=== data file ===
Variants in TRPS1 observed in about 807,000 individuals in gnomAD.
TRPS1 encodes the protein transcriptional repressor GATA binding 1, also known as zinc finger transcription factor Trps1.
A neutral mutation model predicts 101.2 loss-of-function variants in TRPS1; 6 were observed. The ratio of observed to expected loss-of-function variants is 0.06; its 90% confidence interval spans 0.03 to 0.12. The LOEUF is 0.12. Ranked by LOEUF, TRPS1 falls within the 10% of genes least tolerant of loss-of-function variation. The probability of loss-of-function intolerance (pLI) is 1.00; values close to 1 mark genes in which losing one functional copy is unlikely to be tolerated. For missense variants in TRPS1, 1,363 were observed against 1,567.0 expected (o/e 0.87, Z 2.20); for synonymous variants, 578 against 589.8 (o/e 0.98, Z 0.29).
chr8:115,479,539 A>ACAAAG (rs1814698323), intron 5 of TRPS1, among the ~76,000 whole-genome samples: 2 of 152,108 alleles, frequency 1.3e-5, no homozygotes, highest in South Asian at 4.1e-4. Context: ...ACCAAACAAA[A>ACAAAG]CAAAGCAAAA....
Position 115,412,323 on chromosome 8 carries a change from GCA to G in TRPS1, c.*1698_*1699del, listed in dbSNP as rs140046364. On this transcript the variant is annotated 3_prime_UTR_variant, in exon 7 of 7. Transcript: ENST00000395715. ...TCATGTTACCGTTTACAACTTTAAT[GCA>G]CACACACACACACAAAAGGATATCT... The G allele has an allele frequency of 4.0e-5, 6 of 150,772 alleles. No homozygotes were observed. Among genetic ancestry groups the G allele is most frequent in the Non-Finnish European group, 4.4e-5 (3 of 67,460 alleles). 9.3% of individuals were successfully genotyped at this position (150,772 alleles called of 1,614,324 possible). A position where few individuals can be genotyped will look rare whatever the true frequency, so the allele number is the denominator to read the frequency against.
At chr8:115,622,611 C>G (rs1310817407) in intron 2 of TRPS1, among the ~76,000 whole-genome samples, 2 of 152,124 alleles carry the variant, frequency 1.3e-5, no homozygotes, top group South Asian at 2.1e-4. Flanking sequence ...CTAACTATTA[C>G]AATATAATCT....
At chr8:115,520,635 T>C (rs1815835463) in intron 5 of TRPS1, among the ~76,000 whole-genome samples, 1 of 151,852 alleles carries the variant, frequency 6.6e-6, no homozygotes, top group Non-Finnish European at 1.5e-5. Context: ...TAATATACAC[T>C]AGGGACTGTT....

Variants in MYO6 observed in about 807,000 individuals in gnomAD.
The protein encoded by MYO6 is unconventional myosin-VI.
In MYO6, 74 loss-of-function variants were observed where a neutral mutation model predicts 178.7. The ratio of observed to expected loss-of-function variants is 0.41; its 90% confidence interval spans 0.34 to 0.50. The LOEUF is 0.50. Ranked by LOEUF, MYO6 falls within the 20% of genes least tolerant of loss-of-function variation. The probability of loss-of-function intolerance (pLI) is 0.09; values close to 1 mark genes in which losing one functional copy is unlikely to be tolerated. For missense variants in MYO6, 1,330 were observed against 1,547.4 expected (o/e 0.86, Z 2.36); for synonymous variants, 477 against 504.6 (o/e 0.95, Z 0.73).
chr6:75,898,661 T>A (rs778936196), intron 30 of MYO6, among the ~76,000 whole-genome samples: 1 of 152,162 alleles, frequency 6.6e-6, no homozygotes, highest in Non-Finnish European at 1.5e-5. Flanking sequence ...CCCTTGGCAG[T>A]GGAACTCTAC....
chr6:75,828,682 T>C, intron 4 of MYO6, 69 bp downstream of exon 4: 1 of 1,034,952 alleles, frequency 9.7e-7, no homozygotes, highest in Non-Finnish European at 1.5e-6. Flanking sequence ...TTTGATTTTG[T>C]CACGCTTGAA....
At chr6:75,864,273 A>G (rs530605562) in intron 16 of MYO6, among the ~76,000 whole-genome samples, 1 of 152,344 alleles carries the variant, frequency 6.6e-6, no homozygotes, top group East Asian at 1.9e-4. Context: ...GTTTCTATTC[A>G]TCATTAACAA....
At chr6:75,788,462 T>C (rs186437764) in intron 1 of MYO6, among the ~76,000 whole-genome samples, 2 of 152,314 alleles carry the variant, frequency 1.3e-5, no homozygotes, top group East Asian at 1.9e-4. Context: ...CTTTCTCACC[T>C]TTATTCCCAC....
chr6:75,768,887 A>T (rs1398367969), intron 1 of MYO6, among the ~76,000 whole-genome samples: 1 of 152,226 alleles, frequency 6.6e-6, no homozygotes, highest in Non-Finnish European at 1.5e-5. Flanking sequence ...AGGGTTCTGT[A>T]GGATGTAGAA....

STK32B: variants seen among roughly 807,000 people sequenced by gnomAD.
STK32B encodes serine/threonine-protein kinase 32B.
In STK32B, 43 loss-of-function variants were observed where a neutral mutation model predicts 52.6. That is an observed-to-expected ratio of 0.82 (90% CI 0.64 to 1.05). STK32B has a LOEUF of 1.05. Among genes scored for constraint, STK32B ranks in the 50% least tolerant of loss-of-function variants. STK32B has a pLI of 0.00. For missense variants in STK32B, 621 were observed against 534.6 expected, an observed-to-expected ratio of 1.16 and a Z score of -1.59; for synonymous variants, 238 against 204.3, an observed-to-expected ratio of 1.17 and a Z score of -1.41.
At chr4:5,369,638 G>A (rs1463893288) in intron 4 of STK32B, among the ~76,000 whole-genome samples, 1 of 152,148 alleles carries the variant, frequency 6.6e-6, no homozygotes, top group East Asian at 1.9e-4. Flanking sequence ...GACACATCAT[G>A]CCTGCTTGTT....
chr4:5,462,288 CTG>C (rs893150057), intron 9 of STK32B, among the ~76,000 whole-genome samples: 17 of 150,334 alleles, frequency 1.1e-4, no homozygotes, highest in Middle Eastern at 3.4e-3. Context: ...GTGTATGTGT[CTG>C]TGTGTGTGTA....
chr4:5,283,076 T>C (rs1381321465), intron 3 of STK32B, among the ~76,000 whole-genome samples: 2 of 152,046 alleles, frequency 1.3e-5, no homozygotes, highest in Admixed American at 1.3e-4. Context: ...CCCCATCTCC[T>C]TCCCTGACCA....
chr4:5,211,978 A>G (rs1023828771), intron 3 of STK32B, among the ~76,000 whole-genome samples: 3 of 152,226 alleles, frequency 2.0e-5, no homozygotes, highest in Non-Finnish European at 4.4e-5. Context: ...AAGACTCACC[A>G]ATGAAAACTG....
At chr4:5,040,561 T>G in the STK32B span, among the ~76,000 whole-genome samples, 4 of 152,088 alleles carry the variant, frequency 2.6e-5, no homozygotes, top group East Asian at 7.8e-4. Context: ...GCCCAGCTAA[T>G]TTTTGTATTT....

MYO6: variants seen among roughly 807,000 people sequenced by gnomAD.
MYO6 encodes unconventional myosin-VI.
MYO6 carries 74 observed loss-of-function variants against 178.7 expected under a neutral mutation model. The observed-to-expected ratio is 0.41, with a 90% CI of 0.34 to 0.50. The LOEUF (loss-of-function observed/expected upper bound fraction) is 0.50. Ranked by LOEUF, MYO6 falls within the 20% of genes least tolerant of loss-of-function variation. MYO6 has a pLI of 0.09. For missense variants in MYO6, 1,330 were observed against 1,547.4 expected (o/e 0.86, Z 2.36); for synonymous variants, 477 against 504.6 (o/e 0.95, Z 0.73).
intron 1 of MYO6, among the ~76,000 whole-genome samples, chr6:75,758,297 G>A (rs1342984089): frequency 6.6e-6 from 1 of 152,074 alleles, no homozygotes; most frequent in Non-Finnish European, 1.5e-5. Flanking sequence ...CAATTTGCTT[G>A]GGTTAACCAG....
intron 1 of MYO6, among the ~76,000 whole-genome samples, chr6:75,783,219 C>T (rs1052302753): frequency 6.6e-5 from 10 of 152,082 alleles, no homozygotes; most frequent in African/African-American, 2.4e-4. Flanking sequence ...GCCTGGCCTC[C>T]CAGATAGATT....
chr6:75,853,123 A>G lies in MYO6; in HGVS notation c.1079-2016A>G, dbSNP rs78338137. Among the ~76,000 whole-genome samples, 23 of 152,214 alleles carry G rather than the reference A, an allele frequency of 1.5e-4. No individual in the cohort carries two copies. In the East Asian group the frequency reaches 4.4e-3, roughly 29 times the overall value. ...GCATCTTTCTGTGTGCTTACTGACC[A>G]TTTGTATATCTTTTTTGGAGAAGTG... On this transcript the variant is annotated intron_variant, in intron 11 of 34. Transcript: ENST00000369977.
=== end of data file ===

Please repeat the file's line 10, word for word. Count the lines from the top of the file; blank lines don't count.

In MYO6, 74 loss-of-function variants were observed where a neutral mutation model predicts 178.7. The ratio of observed to expected loss-of-function variants is 0.41; its 90% confidence interval spans 0.34 to 0.50. The LOEUF is 0.50. Ranked by LOEUF, MYO6 falls within the 20% of genes least tolerant of loss-of-function variation. The probability of loss-of-function intolerance (pLI) is 0.09; values close to 1 mark genes in which losing one functional copy is unlikely to be tolerated. For missense variants in MYO6, 1,330 were observed against 1,547.4 expected (o/e 0.86, Z 2.36); for synonymous variants, 477 against 504.6 (o/e 0.95, Z 0.73).